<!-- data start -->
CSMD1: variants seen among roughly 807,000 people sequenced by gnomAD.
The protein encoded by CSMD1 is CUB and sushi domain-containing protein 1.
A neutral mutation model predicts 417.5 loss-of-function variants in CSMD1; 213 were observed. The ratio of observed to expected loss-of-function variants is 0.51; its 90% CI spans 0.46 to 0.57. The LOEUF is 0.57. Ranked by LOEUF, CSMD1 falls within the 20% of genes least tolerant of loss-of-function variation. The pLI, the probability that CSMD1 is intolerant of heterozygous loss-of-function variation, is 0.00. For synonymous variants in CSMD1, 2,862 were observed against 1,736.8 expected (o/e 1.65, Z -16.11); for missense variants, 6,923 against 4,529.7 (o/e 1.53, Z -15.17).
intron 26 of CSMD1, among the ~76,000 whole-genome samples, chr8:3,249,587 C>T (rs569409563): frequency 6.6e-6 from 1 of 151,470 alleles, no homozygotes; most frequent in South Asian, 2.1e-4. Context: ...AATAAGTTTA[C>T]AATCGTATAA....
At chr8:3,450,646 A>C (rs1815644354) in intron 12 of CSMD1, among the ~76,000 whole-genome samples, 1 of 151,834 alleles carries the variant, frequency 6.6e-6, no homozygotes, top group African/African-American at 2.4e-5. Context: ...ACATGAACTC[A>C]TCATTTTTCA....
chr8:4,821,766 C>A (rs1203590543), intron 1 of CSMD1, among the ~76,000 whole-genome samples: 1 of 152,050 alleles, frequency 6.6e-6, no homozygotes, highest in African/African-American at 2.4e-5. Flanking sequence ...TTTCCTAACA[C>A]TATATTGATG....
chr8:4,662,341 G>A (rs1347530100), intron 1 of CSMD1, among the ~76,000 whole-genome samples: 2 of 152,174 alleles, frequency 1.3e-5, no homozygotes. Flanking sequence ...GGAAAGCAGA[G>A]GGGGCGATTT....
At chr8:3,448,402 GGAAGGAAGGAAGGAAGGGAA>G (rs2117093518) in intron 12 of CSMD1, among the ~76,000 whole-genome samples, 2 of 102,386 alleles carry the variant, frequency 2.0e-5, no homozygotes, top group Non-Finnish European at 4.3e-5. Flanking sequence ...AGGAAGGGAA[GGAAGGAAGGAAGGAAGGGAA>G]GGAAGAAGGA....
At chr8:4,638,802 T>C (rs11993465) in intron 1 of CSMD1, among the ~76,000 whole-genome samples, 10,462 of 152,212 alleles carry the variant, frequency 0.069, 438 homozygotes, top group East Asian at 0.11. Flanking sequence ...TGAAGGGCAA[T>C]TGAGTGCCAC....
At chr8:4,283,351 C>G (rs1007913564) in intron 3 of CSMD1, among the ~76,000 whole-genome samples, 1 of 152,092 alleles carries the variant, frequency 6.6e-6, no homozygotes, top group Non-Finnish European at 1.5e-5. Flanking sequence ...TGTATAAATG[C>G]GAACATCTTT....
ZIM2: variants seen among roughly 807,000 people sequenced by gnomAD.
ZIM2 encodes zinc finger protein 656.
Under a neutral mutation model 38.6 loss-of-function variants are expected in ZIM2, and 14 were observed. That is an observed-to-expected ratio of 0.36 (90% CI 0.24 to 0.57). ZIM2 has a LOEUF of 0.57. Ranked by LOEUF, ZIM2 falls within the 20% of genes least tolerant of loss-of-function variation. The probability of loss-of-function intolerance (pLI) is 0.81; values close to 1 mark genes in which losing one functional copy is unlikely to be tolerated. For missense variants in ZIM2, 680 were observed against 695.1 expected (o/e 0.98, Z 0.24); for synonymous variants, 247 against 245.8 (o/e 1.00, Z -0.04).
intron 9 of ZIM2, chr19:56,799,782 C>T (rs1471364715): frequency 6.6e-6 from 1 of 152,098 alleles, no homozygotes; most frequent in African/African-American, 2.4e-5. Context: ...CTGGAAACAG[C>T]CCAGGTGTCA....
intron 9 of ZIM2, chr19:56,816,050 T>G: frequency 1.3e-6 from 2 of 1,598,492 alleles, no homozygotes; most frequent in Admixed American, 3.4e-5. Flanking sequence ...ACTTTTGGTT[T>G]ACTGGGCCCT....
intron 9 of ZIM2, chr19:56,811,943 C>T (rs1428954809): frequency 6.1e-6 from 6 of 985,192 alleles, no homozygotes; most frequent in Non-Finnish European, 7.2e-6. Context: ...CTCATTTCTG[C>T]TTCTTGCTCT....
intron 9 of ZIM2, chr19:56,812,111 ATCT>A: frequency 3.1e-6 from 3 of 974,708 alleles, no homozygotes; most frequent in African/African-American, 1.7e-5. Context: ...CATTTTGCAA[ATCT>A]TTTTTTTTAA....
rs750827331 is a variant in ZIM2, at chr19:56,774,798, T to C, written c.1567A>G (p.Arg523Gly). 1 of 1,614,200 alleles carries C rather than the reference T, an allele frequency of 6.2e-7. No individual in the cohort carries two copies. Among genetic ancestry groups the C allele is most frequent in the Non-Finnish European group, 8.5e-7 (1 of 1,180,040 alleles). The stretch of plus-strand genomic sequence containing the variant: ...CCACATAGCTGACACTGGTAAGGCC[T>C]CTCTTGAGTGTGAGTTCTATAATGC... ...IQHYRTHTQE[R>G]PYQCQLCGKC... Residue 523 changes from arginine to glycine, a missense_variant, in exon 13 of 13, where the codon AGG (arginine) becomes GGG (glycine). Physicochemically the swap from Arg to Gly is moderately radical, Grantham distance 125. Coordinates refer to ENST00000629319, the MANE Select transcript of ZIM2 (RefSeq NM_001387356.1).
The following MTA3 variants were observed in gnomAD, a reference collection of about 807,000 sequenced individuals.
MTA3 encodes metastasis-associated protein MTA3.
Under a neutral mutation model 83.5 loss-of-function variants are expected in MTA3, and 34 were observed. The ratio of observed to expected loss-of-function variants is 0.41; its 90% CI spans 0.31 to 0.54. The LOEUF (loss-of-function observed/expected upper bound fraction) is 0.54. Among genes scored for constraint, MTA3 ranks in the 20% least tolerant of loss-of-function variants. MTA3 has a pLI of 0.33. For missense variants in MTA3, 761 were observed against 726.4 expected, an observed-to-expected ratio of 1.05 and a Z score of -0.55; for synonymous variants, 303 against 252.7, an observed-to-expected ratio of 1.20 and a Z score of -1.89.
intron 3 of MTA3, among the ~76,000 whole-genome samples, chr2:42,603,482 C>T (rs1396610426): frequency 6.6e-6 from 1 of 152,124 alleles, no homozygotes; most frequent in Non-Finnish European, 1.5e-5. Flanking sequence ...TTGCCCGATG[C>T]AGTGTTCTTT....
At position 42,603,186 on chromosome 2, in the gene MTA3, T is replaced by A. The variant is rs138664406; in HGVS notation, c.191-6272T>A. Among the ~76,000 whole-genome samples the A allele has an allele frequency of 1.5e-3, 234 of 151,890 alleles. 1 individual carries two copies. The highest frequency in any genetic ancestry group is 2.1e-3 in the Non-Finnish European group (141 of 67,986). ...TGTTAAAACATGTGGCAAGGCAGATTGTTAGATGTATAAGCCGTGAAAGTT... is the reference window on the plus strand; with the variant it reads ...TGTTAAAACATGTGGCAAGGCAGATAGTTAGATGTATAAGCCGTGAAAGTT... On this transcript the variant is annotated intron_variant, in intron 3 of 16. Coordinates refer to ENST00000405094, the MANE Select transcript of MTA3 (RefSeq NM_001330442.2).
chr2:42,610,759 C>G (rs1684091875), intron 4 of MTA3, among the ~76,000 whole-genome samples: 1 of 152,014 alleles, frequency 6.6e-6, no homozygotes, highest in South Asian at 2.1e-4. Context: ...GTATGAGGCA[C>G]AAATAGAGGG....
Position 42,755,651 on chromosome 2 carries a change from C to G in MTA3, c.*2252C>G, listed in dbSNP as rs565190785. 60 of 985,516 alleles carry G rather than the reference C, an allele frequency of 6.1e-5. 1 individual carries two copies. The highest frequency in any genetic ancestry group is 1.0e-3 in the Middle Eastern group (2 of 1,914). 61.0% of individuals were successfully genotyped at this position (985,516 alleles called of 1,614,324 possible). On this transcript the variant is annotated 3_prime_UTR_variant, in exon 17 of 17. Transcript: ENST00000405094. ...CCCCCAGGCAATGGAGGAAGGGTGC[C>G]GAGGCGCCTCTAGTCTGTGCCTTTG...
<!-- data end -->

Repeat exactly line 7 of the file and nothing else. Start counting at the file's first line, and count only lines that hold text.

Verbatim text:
chr8:4,662,341 G>A (rs1347530100), intron 1 of CSMD1, among the ~76,000 whole-genome samples: 2 of 152,174 alleles, frequency 1.3e-5, no homozygotes. Flanking sequence ...GGAAAGCAGA[G>A]GGGGCGATTT....